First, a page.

EUGENE, Ore. — As the highly transmissible omicron variant spreads across the country, University of Oregon students, faculty and staff will be required to get a coronavirus booster shot as soon as they are eligible.
Currently the university and the state’s six other public universities require vaccinations for those on campus.
As of Monday afternoon, the University of Oregon is the only public university in the state to publicly announce a booster requirement.
University President Michael Schill says in a letter posted online that “boosters are the next step in the evolving public health strategy in which we have adapted and responded as a community during the pandemic,”
RALEIGH, N.C. — North Carolina’s governor has issued his strongest public health warning yet heading into the Christmas holidays.
Gov. Roy Cooper said Monday that officials expect the omicron variant of the coronavirus to soon severely strain hospitals and lead to the highest daily case counts since the pandemic hit the state in March 2020.
Cooper also says he will not reimpose any statewide mandates or roll out any financial inducements for residents to get a booster shot of coronavirus vaccine. In place of mandates, North Carolina will rely on additional resources for at-home test and an informational campaign to encourage the roughly 62% of vaccinated residents to get a booster shot.
BATON ROUGE, La. — Louisiana is starting to see growing numbers of COVID-19 cases months after emerging from a fourth surge of the coronavirus outbreak, with the state at risk of another spike as the omicron variant spreads.
Data released Monday by the Louisiana Department of Health shows the number of new coronavirus cases reached more than 2,300 since Friday — and more than 4,800 over the last week. That’s more than double the amount of new cases from the prior week.
And the health department warned those numbers are expected to balloon as dozens of cases of the fast-spreading omicron variant have been confirmed in Louisiana.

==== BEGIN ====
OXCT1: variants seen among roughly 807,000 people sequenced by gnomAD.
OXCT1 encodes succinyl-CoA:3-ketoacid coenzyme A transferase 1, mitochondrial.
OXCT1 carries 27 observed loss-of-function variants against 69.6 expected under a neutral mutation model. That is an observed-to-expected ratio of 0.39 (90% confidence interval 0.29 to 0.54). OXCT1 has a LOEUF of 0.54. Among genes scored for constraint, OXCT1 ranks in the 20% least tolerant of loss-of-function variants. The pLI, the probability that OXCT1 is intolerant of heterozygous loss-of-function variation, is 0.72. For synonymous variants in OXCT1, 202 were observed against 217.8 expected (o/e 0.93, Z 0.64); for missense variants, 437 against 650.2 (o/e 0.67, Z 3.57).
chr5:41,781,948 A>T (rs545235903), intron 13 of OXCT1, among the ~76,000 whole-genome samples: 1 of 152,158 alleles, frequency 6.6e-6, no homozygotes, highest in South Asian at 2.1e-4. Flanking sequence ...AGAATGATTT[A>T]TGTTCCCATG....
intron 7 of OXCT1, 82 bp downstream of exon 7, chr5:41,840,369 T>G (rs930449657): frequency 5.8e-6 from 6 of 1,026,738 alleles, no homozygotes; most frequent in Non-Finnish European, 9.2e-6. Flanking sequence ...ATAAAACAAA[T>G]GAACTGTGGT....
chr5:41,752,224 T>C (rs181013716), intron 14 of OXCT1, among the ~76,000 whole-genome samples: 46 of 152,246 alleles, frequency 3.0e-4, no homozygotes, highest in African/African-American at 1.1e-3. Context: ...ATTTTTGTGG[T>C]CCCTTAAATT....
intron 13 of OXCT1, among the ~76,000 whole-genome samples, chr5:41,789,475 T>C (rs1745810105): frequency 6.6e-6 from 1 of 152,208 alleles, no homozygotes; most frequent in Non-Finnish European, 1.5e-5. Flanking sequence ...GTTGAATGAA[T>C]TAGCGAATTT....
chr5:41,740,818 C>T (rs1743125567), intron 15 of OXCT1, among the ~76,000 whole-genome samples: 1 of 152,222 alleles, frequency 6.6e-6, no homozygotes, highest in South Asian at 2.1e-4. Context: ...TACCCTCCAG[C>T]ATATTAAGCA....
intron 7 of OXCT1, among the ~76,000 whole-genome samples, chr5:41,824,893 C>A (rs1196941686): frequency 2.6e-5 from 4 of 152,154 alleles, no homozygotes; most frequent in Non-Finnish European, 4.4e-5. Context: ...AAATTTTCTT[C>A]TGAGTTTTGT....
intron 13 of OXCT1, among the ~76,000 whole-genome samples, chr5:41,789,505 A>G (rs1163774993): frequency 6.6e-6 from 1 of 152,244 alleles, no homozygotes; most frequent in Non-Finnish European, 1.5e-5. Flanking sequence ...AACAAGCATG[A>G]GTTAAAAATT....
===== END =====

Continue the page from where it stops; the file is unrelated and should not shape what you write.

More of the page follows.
Still, the number of people hospitalized in Louisiana with COVID-19 remains low so far, reported at 241 patients Monday. That continues to be among the lowest number of COVID-19 hospitalizations since March 2020 and well below the state’s peak of more than 3,000 in August.
NEW YORK — “Hamilton” and “Aladdin,” two of Broadway’s biggest musicals, are shuttering their doors during the busy Christmas week after finding breakthrough COVID-19 cases in their companies.
All matinee and evening performances of “Aladdin” from Tuesday through Friday were canceled. Performances are scheduled to resume Sunday. “Aladdin” had previously canceled its Dec. 19 performance.
“Hamilton” canceled shows on Tuesday, Wednesday, Thursday, Friday and Sunday and performances are scheduled to resume Dec. 27. The production had previously canceled its Dec. 17 through Dec. 19 performances, as well as its Dec. 15 show due to the detection of positive results.
The two hit shows join “Mrs. Doubtfire,” “MJ” and “Ain’t Too Proud,” among others, in announcing multi-day cancellations due to the virus. Shows often add performances around Christmas week and the holidays are usually the most lucrative shows of the year.
MISSION, Kan. — Rural Kansas hospitals are struggling to transfer patients as COVID-19 numbers surge, with some patients left stranded in emergency rooms for a week while they wait for a bed.
Space also was in short supply last winter and again over the summer when the delta variant first hit the state. The situation improved slightly this fall, but according to Motient, a company contracting with Kansas to help manage transfers, the situation now is worsening again.
And it isn’t just rural hospitals looking for beds. Overwhelmed hospitals as far away as Minnesota and Michigan have been calling looking for beds in larger Kansas hospitals. Often there simply isn’t room.
Dr. Richard Watson, founder of Motient, said Friday that the long-distance transfers and long waits for beds are sadly becoming commonplace as the pandemic ends its second year.